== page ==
Comparisons of the ecology and stable isotopic compositions of living (stained) benthic foraminifera from the Sulu and South China Seas
Significant differences are observed between living (Rose Bengal stained) deep-sea benthic foraminifera found in 14 box cores (510-4515 m) from the thermospheric (> 10°C) environments of the Sulu Sea and the psychrospheric (<10°C) conditions in the South China Sea. Gavelinopsis, Bolivinopsis, Astrononion, Osangularia and Ceratobulimina are common taxa in the South China Sea, but are rare to absent in the Sulu Sea; Siphonina and Valvulineria are dominant genera at certain depths in the Sulu Sea, but are rare to absent in the South China Sea. Faunal differences appear to result from large differences of the bottom-water temperatures (differences from about 6 to 8°C) between these basins. Faunal abundance patterns within each basin are suggested to be related to the organic carbon contents in the sediments, since temperatures, salinities and dissolved oxygen levels of the bottom-waters are relatively uniform. The δ 18 O values show a > 2‰ range and are similar to those presented by previous workers, but have no consistent relationship with microhabitat preferences. Vertical distribution patterns and carbon isotope compositions of species, however, reflect microhabitat preferences and are consistent with previous observations from other regions. Epifaunal species (0-1 cm interval) such as Cibicidoides pachyderma, Cibicidoides wuellerstorfi, Hoeglundina elegans and Anomalinoides colligera, have higher δ 13 C values than taxa which have the ability to live deeper within the sediments. Infaunal taxa that live in the upper 2-3 cm, including Uvigerina peregrina, Uvigerina praboscidea, and Bulimina mexicans, have lower δ 13 C values than epifaunal species, and the deep infaunal species, Chilostomella oolina, has the lowest δ 13 C. Cibicidoides bradyi and Oridorsalis umbonatus are found between 0 and ~4 cm and have lower carbon isotope values (by > 1.4‰ in some cores) than epifaunal Cibicidoides species. Exceptions to this pattern include the aragonitic species, Gavelinopsis lobatulus, (0-4cm) which produces significantly lower δ 13 C values than deep infaunal taxa, and the shallow infaunal species, Ceratobulimina pacifica (also aragonitic) and Bolivinopsis cubensis (deep infaunal), which yield higher carbon isotopic values than epifaunal taxa. These exceptions are found primarily in only one core, and additional samples are needed to confirm the relationship between their distribution patterns and isotopic compositions. Each of the species examined has a relatively consistent δ 13 C value throughout its distribution within the sediments that may result from heterogeneity of microhabitats within the intervals sampled. Intrageneric differences in δ 13 C of Cibicidoides, and possibly Uvigerina and Bulimina, are evident. The isotopic differences between C. bradyi and many other Cibicidoides species are related to differences in microhabitat preferences between species. The δ 13 C results confirm the influence of microhabitat preferences on the carbon isotopic composition of deep-sea benthic foraminifera and reaffirm the importance of assessing the microhabitat preferences of species used for isotopic analyses.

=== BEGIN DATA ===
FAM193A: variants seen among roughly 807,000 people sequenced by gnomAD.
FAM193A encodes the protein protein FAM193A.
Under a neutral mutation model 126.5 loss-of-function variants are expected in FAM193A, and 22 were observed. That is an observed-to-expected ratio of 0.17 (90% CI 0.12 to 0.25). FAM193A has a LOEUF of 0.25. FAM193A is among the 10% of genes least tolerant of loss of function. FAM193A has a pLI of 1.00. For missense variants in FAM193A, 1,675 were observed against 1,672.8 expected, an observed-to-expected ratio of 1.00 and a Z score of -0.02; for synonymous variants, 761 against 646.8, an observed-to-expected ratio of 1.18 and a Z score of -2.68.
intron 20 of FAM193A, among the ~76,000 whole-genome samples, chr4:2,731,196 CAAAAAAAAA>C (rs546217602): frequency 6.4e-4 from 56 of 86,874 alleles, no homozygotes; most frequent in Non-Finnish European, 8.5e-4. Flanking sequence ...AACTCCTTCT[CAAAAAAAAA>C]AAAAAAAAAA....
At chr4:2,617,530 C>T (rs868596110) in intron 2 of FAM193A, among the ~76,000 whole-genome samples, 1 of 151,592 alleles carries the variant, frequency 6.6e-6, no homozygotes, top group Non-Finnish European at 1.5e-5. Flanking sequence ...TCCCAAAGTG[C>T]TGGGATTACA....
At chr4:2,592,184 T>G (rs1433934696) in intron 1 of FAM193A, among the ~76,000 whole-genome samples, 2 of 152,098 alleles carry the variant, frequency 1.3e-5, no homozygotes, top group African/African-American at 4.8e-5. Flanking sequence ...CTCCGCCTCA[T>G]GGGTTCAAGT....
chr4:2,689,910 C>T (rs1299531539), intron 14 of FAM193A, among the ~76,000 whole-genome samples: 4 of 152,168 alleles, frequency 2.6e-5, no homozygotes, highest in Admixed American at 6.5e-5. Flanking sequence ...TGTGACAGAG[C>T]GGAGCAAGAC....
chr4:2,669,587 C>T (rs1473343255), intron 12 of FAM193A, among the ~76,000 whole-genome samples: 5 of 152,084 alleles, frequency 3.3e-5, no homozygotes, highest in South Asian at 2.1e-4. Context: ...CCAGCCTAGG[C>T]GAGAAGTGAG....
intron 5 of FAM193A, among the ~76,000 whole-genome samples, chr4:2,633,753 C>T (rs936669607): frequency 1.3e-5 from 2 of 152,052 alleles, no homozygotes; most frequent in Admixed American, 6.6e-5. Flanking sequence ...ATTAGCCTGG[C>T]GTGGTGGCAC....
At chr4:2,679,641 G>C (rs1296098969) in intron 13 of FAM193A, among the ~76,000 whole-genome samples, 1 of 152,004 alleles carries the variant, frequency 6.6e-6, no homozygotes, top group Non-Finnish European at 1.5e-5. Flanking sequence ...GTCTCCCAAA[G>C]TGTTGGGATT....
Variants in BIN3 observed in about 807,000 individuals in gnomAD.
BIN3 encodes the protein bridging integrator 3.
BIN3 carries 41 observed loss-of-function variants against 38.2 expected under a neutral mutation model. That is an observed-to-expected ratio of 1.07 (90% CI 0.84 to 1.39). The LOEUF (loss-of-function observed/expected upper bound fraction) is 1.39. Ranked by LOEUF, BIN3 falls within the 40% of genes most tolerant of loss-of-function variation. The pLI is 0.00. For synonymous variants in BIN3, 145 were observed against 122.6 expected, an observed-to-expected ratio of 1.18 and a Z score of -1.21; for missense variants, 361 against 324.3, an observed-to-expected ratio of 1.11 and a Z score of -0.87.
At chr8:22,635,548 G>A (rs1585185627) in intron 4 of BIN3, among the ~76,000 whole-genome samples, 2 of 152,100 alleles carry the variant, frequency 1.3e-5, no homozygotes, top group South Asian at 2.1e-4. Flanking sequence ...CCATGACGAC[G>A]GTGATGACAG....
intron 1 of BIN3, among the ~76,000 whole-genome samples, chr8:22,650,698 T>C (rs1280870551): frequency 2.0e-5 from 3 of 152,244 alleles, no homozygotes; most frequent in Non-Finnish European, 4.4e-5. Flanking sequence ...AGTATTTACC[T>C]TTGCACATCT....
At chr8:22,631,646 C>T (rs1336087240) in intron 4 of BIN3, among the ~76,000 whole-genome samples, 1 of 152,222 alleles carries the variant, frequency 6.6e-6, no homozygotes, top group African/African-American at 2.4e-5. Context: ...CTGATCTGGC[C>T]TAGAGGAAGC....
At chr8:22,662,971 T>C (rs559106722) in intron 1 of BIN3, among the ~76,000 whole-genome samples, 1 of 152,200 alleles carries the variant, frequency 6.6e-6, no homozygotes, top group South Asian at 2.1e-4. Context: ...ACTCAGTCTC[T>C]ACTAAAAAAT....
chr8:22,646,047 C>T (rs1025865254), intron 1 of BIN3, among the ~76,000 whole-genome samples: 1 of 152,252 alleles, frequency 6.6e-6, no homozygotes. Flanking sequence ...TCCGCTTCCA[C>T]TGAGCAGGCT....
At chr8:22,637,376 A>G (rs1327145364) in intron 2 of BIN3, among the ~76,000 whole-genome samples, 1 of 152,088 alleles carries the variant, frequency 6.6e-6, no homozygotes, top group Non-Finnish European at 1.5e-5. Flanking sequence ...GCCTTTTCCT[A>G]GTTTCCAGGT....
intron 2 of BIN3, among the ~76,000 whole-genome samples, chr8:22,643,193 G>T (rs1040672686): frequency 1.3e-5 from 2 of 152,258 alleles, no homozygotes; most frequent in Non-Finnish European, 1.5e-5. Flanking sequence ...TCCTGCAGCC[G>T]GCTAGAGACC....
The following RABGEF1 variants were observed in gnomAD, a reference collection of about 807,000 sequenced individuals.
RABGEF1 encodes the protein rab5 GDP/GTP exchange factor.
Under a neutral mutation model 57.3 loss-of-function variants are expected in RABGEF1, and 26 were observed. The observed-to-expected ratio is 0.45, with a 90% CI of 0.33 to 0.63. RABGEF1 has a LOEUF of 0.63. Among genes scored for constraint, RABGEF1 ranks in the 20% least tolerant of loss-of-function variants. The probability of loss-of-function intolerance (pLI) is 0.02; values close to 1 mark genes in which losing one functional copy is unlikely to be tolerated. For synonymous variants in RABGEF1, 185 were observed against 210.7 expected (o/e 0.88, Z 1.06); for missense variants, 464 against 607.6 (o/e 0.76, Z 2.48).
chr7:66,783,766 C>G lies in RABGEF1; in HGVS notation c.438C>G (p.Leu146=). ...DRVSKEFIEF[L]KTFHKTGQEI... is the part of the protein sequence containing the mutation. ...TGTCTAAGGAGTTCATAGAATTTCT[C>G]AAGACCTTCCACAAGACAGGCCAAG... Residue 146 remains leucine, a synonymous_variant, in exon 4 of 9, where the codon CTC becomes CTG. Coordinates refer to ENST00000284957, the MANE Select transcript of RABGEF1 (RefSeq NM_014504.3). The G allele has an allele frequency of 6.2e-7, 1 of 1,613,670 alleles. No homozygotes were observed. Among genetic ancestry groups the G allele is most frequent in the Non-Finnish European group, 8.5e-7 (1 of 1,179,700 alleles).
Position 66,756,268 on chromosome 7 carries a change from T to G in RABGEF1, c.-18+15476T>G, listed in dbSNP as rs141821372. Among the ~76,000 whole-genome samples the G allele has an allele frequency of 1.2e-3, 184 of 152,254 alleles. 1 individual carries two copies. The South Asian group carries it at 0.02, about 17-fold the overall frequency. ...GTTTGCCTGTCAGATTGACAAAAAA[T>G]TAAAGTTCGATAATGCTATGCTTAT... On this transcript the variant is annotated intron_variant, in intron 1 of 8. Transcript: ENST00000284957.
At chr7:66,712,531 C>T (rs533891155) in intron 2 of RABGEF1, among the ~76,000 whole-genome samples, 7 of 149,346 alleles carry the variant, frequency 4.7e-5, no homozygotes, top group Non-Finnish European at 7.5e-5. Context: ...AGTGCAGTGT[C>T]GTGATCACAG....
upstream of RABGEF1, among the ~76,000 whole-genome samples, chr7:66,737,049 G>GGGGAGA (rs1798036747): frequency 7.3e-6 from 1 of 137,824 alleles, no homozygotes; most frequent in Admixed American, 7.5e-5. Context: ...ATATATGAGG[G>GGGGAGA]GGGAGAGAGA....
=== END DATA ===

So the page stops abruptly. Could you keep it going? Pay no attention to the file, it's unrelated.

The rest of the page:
Rathburn, AE; Corliss, BH; Tappa, KD; Lohmann, KC
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